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How Parents Can Provide Extra Motivation For Kids To Play Sports In The United States

by Coach Chris Goodman

Some parents might find it difficult to explain the benefits of being a student-athlete in the United States to their children. They might actually want the adventure more for their son or daughter-than the student-athletes does on their own. Are you a parent who wants your son or daughter to play sports in the United States but you just can't explain the opportunity? Here are a few tips on providing a little extra motivation to enlighten your kids on what possibilities might come from such a dream journey.

Emphasize The Realistic Opportunity and Rewards

The chances of your son or daughter competing in a United States professional league are slim. It's important to emphasize what the opportunity entails and what they will realistically accomplish and gain. You want to make sure you aren't sugar coating anything. You can provide examples of potential takeaways. They'll experience a different culture. They will learn to quickly get acclimated to other people who aren't like them. They can figure out how to use time wisely. Learning to improve academically and athletically is another asset. They'll also figure out who they are and become an independent human being. They can also enjoy the adventure of going somewhere completely new. A student-athlete will most likely be respected and admired within their own community for having the internal strength to make their own individual dream happen at such an early age. Most of all, they will get the opportunity to experience a once in a lifetime journey that so few do.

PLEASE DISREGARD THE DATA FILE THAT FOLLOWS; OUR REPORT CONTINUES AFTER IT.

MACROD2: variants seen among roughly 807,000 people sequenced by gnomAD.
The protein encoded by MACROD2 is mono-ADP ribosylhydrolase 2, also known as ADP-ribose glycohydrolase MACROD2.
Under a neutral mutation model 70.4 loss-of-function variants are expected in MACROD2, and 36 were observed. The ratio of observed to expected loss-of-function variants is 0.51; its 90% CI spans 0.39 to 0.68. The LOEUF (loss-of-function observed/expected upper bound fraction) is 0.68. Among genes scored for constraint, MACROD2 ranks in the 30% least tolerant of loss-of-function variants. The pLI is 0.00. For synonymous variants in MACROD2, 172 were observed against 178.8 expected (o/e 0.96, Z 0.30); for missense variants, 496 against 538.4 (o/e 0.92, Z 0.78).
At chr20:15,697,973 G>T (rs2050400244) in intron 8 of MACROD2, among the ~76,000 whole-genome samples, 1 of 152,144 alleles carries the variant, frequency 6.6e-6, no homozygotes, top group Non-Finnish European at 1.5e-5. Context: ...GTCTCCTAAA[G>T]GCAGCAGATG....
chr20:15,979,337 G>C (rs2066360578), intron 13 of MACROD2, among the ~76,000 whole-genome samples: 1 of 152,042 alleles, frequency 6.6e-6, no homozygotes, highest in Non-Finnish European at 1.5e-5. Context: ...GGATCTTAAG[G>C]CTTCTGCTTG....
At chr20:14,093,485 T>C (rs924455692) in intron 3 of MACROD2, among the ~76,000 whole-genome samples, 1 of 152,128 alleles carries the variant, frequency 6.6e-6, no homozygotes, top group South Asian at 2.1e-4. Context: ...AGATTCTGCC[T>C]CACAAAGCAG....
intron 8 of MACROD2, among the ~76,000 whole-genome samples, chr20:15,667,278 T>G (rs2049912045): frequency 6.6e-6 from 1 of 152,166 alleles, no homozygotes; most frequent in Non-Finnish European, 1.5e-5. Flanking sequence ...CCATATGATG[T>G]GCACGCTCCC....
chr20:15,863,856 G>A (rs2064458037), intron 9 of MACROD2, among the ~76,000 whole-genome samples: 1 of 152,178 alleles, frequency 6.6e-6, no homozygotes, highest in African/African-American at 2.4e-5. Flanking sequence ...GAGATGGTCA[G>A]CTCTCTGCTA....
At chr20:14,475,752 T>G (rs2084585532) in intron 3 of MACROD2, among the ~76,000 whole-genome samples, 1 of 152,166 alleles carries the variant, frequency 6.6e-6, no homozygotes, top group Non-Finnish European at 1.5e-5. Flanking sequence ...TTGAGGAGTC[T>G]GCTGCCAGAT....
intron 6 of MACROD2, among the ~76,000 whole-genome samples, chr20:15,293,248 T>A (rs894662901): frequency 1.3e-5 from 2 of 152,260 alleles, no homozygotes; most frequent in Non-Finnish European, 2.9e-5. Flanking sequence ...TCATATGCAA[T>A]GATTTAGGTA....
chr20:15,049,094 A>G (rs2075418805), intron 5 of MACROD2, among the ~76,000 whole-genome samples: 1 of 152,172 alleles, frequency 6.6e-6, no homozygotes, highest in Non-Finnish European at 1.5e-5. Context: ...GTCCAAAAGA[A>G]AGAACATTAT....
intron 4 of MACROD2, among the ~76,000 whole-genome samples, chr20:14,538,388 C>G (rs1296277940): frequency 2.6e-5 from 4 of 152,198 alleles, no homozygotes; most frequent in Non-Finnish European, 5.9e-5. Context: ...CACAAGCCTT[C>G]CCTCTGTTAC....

Seek Out Positive Influences

People who have been through the experience can often help provide a more accurate picture of what it's like. You can find a CEO or role model in your community via LinkedIn/social media/referrals who has studied abroad in the U.S. and played sports. You can ask your son or daughter to email the person with questions about the experience (maybe it's a phone call). It often helps to seek out guidance from someone who has accomplished the feat to get more perspective. How did it help them gain independence? How did they learn to be more wise with time management skills? What did they take away from the experience that was priceless? Why was it worth it and how did it help them in the business world?

It's Ultimately Their Decision And Journey

It's important to remember that it's still ultimately the decision of the student-athlete to leave or stay home. As a parent, you can try to provide extra motivation and give encouragement but your son or daughter needs to come to that conclusion on their own. The last thing either of you probably wants is for a wasted month or two in the United States. That's why it's very important to keep a realistic viewpoint of what the journey will be like. It can be tough. College/university classes are typically harder and require more study than prep/high school. College/university sports require more practice and dedication. It's still can be an exciting adventure. It's a chance to make lifelong friends. It's also an experience that is well admired in the business world. It's a chance to grow up and find your path for the rest of your life. It can be a complete game changer. It's not, however, for everyone. A young athlete needs to be on board with idea or they could certainly struggle with the tougher times in sports, socially or the classroom.

Topics:Recruiting Tips And Processstudy abroad

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